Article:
|For Many: The Prodigy, the Legend, the False Idol|
Had this been a systematic domination of a relevant fighter it may have held some merit, but this wasn’t that. This was an unnecessary rubber match against a post-prime recognizable name that really had no point other than to get Penn back on the winning track after his two clear defeats by the natural 145 lbs. Frankie Edgar. It wasn’t a new or improved Penn that fought tonight, it was the same BJ Penn that was outclassed by Edgar, its just that he wasn’t facing a capable fighter.
A quick twenty-one second flurry of a few punches resulting in a flash knockout of a fighter who even in his prime had D-level striking looks nice on a highlight reel, but as far as any real relevance goes, this was a fluff fight that proves nothing in regards to a Championship title.
BJ Penn will beat a Caol Uno, then lose to a Jens Pulver. Beat a Sean Sherk, then lose to a Georges St. Pierre. Beat a Diego Sanchez, then lose to a Frankie Edgar. This is what Penn is as a fighter, and his career from start to current supports it. So rather than letting his record speak for itself while naturally attaining legendary status through proven achievements, such as a Fedor Emelianenko, the legendary tag has been placed upon him by fan’s who only perceive possible accomplishments. This is simply not how true legends maintain the prestigious title, and time will surely strip BJ of the prefix.
- Machida Refuses to Evolve -
|Expand your game or become irrelevant|
This fight really highlighted the two lines of thought in regards to judging criteria, and in a way was a battle between Pride-style aggression and UFC-style stalling. Some believe a fighter wins when he dictates pace and avoids damage, even if retreating is his means of doing so. Others believe a fighter wins by pressuring his opponent and actively making an attempt to engage. Well in recent years the more cautious approach has typically earned the judge’s nod, and Rampage’s shocked reaction to his victory illustrates how deeply this passive fight approach has engrained itself into the MMA conscious. But after tonight it seems the judges have issued a rebuke to at least Machida’s taking advantage of this, and if a trend forms, it will benefit MMA as a whole. Although its worth noting that Machida’s jab-n-stall style is not exactly equivalent to a wrestler’s lay-n-pray.
Machida must now rethink his entire fight game, and should feel some level of embarrassment for his stubborn refusal to mix things up after his previous defeat. Its perplexing to think he actually believed his point karate style had become anything but obsolete. Shogun shattered it in knockout fashion, and now Rampage has demonstrated that its effectiveness is gone for even the play-it-safe decision oriented game planning that Machida has so thoroughly relied on for the majority of his career. Rampage, on the other hand, took a step in the right direction, but still needs to fully realize that he is fighting MMA, and not boxing.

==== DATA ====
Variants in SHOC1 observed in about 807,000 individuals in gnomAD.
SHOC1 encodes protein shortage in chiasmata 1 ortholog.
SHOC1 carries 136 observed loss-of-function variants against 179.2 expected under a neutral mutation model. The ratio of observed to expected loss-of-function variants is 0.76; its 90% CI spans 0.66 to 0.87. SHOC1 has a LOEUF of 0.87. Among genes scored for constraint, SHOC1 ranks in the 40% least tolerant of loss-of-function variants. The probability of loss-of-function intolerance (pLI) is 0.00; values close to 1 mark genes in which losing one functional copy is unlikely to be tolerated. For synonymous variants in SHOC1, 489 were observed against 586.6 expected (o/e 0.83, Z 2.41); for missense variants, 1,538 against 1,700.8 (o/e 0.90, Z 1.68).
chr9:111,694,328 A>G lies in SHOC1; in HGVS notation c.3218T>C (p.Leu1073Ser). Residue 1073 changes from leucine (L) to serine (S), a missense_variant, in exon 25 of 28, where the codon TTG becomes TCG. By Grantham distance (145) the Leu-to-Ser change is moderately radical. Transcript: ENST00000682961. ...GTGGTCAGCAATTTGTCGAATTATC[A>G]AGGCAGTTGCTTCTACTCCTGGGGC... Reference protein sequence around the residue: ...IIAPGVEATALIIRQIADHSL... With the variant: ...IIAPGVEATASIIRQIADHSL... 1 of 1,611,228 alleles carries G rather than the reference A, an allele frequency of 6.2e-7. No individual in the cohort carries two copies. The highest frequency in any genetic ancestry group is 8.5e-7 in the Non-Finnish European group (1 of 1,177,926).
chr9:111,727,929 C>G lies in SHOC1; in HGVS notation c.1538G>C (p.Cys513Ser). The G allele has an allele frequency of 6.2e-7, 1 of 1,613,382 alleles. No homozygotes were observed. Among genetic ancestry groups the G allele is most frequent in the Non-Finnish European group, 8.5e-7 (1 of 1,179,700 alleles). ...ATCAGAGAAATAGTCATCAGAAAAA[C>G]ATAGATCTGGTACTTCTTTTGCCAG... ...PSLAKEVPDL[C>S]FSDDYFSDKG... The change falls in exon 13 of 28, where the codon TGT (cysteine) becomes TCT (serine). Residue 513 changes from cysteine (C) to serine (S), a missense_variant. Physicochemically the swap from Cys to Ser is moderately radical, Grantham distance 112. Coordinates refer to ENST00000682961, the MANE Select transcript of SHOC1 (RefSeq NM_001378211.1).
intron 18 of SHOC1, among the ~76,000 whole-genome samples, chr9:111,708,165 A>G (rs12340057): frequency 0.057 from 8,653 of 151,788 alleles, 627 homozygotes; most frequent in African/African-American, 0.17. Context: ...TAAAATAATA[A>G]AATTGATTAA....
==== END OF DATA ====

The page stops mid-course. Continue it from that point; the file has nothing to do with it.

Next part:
- Snuffaluffagus One Step Closer to Gold -
|The Aussie had an impressive 2010, potential FOTY|
A rumored fight with Dennis Siver at UFC 127 presents a stylistic challenge he has not really faced before, a striker with proven and consistent knockout ability. Although Siver has basically only seen guys who want to strike with him and Sotiropoulos certainly wont do this, so a title shot seems very possible for the Australian.
What’s next for Joe Lauzon is probably another undeserved fight in the UFC. Maybe they’ll bring in another Reinhardt, Bradley, or Ruediger type of fighter for him to play with. At this point, those are really the only kind of wins he can collect.
- Davis Continues to Impress -
|Jackson style fighters could learn a lot from a guy like Davis|
Compare this performance to the similarly styled Nate Marquardt from UFC 122. There was no hesitation or meekness in Phil Davis, he embraced his role as a fighter and fought as one. That’s how champions are determined. Maybe he’ll win, maybe he’ll lose, but at least at the end of the night he knows where his true potential lies, and the majority of the time a person with such a mentality will find greatness in himself. Nate Marquardt doesn’t know if he is capable of beating Yushin Okami because he didn’t try to beat Yushin Okami. Rather than forcing his own will onto his opponent and proving to reality that he is the superior fighter, Marquardt tried to convince three people sitting ringside that he won through passive control. Phil Davis has the mentality and perspective that fighter’s like Marquardt probably can’t even fathom, its just not in the Greg Jackson lexicon.
- In Summary -
As a whole, the event was fairly typical of what the UFC is producing nowadays. Generally uninteresting matchmaking and too many fighters not willing to fight. Most of them just don’t seem to be of enough skill to warrant a ticket to the so called big show. But then again, at what point after continually pushing these types of fighter does it create the reality that this is indeed the level of skill required to gain access to the UFC? After all, with Sean Gannon, Kimbo Slice, and now Sean McCorkle, Zuffa has a history of recruiting fighters based solely on internet acclaim rather than fighting ability, so its not really a surprise that their cards are so often filled with meager talent.
On the positive side of things, George Sotiropoulos and Phil Davis share the spotlight as the real stand outs of the night. Edson Barboza showed some strong striking, but needs to prove he’s capable of executing it against better competition before any buzz is warranted.